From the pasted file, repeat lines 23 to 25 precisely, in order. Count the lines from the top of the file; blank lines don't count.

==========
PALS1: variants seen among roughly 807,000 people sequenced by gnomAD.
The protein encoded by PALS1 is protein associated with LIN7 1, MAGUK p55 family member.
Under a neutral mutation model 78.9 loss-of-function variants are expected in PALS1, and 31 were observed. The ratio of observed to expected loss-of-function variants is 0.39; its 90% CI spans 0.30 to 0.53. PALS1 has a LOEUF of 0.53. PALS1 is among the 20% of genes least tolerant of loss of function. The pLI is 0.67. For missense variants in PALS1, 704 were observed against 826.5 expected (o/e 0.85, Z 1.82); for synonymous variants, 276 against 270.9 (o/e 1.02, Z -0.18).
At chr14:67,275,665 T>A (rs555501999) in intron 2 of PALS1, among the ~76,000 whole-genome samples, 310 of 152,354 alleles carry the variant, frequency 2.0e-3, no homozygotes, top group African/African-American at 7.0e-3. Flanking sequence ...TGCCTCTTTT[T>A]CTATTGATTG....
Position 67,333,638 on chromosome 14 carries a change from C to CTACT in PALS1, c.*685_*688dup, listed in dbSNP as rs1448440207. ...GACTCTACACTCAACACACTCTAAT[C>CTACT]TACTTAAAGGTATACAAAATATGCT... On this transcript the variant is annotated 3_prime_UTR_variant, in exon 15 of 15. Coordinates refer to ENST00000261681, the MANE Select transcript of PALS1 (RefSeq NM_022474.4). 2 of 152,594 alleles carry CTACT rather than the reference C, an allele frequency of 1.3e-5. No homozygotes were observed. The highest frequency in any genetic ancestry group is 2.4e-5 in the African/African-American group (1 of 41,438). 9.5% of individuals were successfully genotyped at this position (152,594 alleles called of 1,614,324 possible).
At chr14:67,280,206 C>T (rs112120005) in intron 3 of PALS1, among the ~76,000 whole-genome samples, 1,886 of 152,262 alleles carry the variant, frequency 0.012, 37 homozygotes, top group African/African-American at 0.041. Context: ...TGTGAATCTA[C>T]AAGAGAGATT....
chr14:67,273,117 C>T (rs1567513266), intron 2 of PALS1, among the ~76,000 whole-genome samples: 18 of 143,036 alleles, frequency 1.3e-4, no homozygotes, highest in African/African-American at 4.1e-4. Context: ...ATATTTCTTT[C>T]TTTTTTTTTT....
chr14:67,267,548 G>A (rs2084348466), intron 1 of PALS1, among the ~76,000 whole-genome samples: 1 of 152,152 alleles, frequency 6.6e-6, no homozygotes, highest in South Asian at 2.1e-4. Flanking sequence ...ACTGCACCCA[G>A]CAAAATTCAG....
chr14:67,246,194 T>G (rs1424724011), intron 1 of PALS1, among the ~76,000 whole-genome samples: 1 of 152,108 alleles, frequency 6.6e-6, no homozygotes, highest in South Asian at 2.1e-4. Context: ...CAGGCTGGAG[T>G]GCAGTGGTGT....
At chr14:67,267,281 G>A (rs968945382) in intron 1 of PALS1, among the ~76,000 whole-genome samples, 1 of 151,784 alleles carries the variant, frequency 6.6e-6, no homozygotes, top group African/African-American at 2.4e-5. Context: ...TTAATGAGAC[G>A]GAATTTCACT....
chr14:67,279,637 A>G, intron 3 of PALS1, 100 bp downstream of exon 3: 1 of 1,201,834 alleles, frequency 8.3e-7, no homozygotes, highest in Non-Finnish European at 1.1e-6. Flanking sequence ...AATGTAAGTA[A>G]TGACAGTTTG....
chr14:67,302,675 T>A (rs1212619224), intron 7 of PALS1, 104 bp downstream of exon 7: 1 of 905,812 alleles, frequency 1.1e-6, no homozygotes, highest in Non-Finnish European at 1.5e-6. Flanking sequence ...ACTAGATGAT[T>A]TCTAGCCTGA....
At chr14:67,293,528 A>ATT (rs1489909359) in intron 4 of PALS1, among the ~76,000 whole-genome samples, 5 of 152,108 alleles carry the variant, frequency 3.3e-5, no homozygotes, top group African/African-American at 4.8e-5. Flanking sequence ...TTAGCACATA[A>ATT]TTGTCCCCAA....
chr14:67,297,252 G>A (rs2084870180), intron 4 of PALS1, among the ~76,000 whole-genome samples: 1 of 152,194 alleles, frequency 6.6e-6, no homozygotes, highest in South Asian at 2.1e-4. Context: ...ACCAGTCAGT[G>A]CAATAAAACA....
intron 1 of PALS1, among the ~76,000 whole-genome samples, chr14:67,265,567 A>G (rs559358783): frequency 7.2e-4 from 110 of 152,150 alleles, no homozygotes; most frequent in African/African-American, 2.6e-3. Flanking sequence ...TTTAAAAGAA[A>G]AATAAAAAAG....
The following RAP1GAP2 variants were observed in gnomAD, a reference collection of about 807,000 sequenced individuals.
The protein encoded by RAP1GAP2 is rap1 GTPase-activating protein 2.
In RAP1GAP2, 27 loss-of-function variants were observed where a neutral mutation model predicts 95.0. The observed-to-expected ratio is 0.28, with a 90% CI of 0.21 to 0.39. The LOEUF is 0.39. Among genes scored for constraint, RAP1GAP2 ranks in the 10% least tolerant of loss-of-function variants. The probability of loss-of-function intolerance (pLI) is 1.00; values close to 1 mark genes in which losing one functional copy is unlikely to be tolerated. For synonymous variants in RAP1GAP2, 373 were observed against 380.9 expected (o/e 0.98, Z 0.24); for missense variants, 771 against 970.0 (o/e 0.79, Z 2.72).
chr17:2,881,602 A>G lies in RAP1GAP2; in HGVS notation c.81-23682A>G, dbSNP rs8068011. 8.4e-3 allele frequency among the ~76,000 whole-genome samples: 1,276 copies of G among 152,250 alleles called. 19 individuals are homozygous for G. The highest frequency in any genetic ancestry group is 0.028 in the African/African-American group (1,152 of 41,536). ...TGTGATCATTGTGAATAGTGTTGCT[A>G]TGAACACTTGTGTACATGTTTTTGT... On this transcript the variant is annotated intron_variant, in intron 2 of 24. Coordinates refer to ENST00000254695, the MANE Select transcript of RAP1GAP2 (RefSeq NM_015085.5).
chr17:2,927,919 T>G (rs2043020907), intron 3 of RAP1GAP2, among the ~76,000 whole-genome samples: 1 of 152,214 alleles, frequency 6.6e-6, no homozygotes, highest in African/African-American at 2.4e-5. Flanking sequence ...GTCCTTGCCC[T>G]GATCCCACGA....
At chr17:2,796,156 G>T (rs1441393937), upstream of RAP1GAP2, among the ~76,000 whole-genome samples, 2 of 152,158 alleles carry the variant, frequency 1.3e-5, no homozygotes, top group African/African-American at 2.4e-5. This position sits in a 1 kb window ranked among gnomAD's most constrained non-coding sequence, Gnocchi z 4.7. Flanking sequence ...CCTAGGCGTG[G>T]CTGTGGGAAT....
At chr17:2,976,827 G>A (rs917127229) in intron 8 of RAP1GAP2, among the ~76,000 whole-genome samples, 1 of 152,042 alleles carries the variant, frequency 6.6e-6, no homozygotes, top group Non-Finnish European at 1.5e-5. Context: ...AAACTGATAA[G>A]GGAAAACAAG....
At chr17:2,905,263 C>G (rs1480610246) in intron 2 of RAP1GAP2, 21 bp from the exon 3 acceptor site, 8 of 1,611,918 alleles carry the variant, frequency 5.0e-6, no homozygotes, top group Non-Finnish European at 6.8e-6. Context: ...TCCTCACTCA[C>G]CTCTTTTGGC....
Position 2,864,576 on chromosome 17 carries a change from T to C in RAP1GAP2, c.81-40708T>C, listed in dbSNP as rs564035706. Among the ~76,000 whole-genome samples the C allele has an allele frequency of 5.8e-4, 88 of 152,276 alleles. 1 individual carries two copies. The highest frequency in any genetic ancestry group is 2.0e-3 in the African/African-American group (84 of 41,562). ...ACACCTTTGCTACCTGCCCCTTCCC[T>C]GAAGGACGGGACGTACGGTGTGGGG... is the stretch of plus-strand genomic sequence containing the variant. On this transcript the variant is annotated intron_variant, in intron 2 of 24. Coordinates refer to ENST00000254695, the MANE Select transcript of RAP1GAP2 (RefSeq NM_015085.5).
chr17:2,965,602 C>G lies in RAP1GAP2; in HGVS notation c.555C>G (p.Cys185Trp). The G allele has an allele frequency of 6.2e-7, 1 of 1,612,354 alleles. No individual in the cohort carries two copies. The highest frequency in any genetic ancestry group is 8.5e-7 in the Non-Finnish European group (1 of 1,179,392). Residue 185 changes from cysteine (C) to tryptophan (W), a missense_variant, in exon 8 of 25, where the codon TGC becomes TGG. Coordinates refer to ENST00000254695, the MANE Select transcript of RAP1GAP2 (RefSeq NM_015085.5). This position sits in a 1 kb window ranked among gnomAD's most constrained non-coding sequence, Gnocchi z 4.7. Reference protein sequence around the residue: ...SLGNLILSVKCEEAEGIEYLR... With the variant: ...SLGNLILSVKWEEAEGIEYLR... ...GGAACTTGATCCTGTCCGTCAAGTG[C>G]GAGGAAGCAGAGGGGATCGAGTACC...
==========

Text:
At chr17:2,905,263 C>G (rs1480610246) in intron 2 of RAP1GAP2, 21 bp from the exon 3 acceptor site, 8 of 1,611,918 alleles carry the variant, frequency 5.0e-6, no homozygotes, top group Non-Finnish European at 6.8e-6. Context: ...TCCTCACTCA[C>G]CTCTTTTGGC....
Position 2,864,576 on chromosome 17 carries a change from T to C in RAP1GAP2, c.81-40708T>C, listed in dbSNP as rs564035706. Among the ~76,000 whole-genome samples the C allele has an allele frequency of 5.8e-4, 88 of 152,276 alleles. 1 individual carries two copies. The highest frequency in any genetic ancestry group is 2.0e-3 in the African/African-American group (84 of 41,562). ...ACACCTTTGCTACCTGCCCCTTCCC[T>C]GAAGGACGGGACGTACGGTGTGGGG... is the stretch of plus-strand genomic sequence containing the variant. On this transcript the variant is annotated intron_variant, in intron 2 of 24. Coordinates refer to ENST00000254695, the MANE Select transcript of RAP1GAP2 (RefSeq NM_015085.5).
chr17:2,965,602 C>G lies in RAP1GAP2; in HGVS notation c.555C>G (p.Cys185Trp). The G allele has an allele frequency of 6.2e-7, 1 of 1,612,354 alleles. No individual in the cohort carries two copies. The highest frequency in any genetic ancestry group is 8.5e-7 in the Non-Finnish European group (1 of 1,179,392). Residue 185 changes from cysteine (C) to tryptophan (W), a missense_variant, in exon 8 of 25, where the codon TGC becomes TGG. Coordinates refer to ENST00000254695, the MANE Select transcript of RAP1GAP2 (RefSeq NM_015085.5). This position sits in a 1 kb window ranked among gnomAD's most constrained non-coding sequence, Gnocchi z 4.7. Reference protein sequence around the residue: ...SLGNLILSVKCEEAEGIEYLR... With the variant: ...SLGNLILSVKWEEAEGIEYLR... ...GGAACTTGATCCTGTCCGTCAAGTG[C>G]GAGGAAGCAGAGGGGATCGAGTACC...